Sorry I haven't been available lately... still vey busy.
This is an interesting development, yet should have been expected. As we discussed at other times, should Sirius go through a fundamental change, they could be required to repurchase the 7% Convertibles at $1,000 (par) or exchange them for the base conversion, which was 533.3333 for each $1,000 Note... plus additional shares, which would be like a penalty. As of January 31, 2013 at a stock price of $3.14 - that penalty would be 37.74795 additional shares... for at total of 571.0812 shares per $1,000 Note.
Reading the Tender Offer, I note they are offering to repurchase at par, or exchanging each $1,000 for 581.3112 shares. That's an additional 10 shares, roughly. So instead of paying the 7% premium that could be forced on them -- they're offering a 9% premium. I also point out that the over-the-counter closing price of the 7% Notes was $1,841.23 per $1,000... so they're trading at 184.12. I remind everyone that Brandon swore up and down awhile back that these Notes "don't trade"... yet another instance he was wrong. Does he still have that website of his?
Anyhow, at that closing price divided by the current trading price of the stock... you would get approx 586 shares. They're offering 581 shares. See what I'm getting at? They're trying to retire these stupid Notes once and for all. They're offering more than what the holder could get, so that they don't hold on to them... and offering a price that is closer to the actual trading price of the Notes. They want these Notes gone, IMHO.
Will the holders exchange in this tender? I think so. You get 581.3112 shares for each $1,000... that's a conversion price of $1.72/share roughly. Based on the closing price of the stock yesterday of $3.23... that's an 87% premium (depending on what you paid of the $1,000 Note of course). Long time holders can convert and walk away with a nice tidy profit -- unless they hedged. These Notes mature in approx 22 months and they're still trading at a significant premium over the current stock price. At par, they should be trading at about 167, they're trading at 184... about 10% higher. They have about 12-13% left in interest left in them, if held to maturity... but you would forfeit the premium. What do you do? Hold and collect that interest? Or exchange and capture 9% now? Which could be more, depending on your base and/or if you hedged?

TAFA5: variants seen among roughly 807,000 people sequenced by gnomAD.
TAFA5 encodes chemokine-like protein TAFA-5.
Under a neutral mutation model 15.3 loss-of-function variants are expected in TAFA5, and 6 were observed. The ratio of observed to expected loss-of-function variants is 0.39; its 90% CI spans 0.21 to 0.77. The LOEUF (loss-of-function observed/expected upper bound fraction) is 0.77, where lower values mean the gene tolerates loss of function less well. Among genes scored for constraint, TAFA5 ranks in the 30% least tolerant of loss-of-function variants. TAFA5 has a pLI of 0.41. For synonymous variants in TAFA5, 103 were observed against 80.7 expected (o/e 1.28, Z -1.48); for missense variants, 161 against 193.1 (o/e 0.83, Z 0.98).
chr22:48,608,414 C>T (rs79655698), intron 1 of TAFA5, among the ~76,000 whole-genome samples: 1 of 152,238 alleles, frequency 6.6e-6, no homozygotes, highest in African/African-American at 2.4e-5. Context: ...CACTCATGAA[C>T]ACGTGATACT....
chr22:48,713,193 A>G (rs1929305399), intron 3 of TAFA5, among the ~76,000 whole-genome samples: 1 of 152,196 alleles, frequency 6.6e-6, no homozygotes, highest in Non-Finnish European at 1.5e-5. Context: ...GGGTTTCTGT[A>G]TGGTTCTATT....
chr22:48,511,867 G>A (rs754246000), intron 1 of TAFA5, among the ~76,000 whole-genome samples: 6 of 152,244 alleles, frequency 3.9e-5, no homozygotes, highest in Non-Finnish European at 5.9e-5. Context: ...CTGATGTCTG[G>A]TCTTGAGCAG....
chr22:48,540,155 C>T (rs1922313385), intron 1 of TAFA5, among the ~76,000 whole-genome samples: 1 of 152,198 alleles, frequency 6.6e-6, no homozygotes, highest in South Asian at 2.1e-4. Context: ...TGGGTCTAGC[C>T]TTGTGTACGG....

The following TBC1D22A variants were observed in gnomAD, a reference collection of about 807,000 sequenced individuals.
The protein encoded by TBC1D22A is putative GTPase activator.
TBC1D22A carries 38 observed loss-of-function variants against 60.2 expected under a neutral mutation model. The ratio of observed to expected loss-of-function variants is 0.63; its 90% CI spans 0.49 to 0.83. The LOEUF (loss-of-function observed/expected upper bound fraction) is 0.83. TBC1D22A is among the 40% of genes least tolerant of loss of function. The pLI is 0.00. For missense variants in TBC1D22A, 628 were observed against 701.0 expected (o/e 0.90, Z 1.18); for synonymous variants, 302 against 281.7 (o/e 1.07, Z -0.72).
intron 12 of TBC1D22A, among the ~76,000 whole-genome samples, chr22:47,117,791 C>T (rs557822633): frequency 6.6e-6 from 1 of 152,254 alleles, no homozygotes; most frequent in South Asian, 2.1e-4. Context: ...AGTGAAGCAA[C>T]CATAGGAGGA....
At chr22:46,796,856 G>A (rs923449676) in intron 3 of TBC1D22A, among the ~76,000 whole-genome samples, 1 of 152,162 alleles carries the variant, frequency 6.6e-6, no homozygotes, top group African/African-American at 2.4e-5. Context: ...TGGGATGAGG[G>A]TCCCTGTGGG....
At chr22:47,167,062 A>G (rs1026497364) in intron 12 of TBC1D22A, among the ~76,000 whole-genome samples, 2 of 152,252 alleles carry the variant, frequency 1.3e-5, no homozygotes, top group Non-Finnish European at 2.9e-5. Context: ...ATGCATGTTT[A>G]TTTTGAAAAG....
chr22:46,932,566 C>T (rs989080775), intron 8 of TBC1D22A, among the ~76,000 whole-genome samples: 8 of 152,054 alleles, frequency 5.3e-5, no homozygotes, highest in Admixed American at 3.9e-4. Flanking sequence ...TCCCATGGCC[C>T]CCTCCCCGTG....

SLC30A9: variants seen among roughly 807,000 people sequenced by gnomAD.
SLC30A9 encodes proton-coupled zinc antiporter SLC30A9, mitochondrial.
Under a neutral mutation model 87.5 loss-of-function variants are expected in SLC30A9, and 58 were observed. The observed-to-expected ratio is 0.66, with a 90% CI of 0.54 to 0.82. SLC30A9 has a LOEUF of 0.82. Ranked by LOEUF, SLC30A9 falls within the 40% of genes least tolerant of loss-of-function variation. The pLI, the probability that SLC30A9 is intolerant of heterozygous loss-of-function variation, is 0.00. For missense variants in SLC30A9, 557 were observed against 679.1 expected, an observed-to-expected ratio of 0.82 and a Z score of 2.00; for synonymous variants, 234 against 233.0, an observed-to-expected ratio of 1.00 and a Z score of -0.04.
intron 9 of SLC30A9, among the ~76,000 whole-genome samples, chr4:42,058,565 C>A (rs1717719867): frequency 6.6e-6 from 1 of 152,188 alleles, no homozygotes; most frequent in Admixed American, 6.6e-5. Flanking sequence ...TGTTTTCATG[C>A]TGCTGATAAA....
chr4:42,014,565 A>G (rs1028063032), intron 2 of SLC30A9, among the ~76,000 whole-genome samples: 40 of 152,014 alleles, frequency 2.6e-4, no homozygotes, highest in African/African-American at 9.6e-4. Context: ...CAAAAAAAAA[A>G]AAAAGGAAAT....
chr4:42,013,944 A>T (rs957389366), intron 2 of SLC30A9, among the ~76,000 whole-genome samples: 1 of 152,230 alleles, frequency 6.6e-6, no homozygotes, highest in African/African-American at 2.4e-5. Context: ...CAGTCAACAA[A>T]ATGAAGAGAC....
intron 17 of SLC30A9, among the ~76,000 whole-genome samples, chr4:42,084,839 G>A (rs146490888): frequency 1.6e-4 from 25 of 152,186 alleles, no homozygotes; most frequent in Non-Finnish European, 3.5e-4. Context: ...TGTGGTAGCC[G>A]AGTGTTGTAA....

Nonetheless, assuming the holders all convert -- I have to note that it will introduce approximately 319.7 million shares in to the float (as opposed to the 293.3 million shares if converted at maturity). That's an additional 26.4 million shares of premium... a cost of about $83 million to us shareholders. I also have to note that this will also dilute Liberty's ownership down to about 48.37%... which I've been pointing out for some time could happen. Liberty needs to either add 118 million shares, or the company needs to buyback 236 million shares... or a combination of both - somewhere in the middle - for Liberty to keep 50.1% ownership.
There's some thoughts for now. I would not be surprised to see a good portion of these Notes take the tender offer... and to that I say, good riddance. It will mark the end of the toxic financing the company had... and a new beginning. Exciting times.
I am not sure this is a good thing in the short term, but it all depends how it plays out. I am sure that Liberty already has these notes all planned out. At the end of the day I think they are saving close to 40 million dollars in interest.